Idiopathic epilepsy, also referred to as primary epilepsy, is a common cause of epileptic seizure activity in dogs , and the most common chronic neurological condition in this species [2–4]. The term refers to recurrent epileptic seizures with no underlying cause other than a strongly suspected or confirmed genetic or familial basis. A genetic component for idiopathic epilepsy has been identified in several canine breeds (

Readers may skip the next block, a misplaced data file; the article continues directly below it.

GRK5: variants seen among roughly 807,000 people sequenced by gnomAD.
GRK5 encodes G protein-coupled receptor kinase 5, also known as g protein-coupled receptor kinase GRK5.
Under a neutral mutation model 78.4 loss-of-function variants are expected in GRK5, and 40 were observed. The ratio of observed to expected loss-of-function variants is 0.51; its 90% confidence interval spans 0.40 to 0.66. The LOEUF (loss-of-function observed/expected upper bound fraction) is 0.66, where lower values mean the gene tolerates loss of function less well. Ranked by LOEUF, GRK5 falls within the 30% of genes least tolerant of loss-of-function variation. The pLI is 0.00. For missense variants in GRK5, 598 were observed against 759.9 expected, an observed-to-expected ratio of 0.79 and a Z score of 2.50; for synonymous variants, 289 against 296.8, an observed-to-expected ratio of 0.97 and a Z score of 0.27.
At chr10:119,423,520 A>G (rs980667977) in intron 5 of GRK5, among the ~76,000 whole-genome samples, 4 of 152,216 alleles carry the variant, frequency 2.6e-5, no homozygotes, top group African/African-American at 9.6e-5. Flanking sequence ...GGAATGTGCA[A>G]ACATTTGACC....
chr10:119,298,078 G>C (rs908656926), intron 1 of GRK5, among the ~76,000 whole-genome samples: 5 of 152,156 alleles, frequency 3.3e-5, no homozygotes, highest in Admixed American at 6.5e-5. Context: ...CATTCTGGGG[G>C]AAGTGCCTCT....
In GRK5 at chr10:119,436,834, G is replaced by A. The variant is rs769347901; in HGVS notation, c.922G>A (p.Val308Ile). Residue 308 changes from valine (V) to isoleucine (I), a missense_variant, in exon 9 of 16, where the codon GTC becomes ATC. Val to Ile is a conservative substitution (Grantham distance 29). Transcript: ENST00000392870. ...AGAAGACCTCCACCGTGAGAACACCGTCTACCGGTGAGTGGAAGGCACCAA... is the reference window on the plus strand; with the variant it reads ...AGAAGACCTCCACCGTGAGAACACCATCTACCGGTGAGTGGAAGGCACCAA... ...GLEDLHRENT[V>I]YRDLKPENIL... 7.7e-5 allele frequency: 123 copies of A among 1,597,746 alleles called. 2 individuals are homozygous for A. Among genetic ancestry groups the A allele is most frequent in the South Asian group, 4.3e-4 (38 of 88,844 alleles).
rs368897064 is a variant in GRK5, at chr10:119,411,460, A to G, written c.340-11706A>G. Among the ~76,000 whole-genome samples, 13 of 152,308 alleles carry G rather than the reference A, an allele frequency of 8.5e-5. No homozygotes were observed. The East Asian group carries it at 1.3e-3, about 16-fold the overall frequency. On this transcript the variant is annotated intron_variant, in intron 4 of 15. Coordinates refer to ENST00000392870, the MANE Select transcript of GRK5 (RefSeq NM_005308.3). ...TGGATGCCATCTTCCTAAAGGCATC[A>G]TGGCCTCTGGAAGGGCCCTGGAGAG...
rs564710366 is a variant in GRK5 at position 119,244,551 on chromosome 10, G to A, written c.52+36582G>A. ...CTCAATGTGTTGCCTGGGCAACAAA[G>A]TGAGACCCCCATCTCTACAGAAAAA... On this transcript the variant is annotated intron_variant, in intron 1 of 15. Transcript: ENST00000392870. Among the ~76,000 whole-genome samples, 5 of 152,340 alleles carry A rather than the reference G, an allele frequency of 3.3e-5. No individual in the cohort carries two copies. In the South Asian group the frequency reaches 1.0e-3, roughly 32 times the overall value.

); however, the molecular basis of the condition remains unknown [5–21]. In the absence of a genetic test, the diagnosis is currently based on the dog’s age at epileptic seizure onset (between 6 months and 6 years); normal interictal behaviour, physical examination, and neurological examination; and exclusion of metabolic, toxic, or structural cerebral disorders by means of diagnostic investigations (e.g. haematology and serum biochemistry, magnetic resonance imaging [MRI] of the brain, and cerebrospinal fluid [CSF] analysis) [2,4].